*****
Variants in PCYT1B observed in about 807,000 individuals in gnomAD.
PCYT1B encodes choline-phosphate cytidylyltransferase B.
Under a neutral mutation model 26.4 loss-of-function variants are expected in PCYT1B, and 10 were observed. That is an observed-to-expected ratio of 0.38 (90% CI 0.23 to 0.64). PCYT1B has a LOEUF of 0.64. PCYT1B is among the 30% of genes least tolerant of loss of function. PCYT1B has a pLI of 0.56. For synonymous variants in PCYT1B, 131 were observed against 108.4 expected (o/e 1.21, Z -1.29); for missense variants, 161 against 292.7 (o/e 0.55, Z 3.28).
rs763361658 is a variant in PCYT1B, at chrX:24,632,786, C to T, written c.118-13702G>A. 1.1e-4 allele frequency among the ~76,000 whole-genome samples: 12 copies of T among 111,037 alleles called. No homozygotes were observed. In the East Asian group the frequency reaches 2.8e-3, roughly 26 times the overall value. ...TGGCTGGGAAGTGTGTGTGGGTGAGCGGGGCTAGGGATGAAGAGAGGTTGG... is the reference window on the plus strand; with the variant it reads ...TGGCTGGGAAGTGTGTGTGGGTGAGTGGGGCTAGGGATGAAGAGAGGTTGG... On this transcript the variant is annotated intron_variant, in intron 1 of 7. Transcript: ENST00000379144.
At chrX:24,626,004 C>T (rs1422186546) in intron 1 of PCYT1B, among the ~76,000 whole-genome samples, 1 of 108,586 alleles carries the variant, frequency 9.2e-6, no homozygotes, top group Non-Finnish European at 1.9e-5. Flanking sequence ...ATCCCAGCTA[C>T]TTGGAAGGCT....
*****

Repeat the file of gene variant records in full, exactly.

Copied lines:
Variants in PCYT1B observed in about 807,000 individuals in gnomAD.
PCYT1B encodes choline-phosphate cytidylyltransferase B.
Under a neutral mutation model 26.4 loss-of-function variants are expected in PCYT1B, and 10 were observed. That is an observed-to-expected ratio of 0.38 (90% CI 0.23 to 0.64). PCYT1B has a LOEUF of 0.64. PCYT1B is among the 30% of genes least tolerant of loss of function. PCYT1B has a pLI of 0.56. For synonymous variants in PCYT1B, 131 were observed against 108.4 expected (o/e 1.21, Z -1.29); for missense variants, 161 against 292.7 (o/e 0.55, Z 3.28).
rs763361658 is a variant in PCYT1B, at chrX:24,632,786, C to T, written c.118-13702G>A. 1.1e-4 allele frequency among the ~76,000 whole-genome samples: 12 copies of T among 111,037 alleles called. No homozygotes were observed. In the East Asian group the frequency reaches 2.8e-3, roughly 26 times the overall value. ...TGGCTGGGAAGTGTGTGTGGGTGAGCGGGGCTAGGGATGAAGAGAGGTTGG... is the reference window on the plus strand; with the variant it reads ...TGGCTGGGAAGTGTGTGTGGGTGAGTGGGGCTAGGGATGAAGAGAGGTTGG... On this transcript the variant is annotated intron_variant, in intron 1 of 7. Transcript: ENST00000379144.
At chrX:24,626,004 C>T (rs1422186546) in intron 1 of PCYT1B, among the ~76,000 whole-genome samples, 1 of 108,586 alleles carries the variant, frequency 9.2e-6, no homozygotes, top group Non-Finnish European at 1.9e-5. Flanking sequence ...ATCCCAGCTA[C>T]TTGGAAGGCT....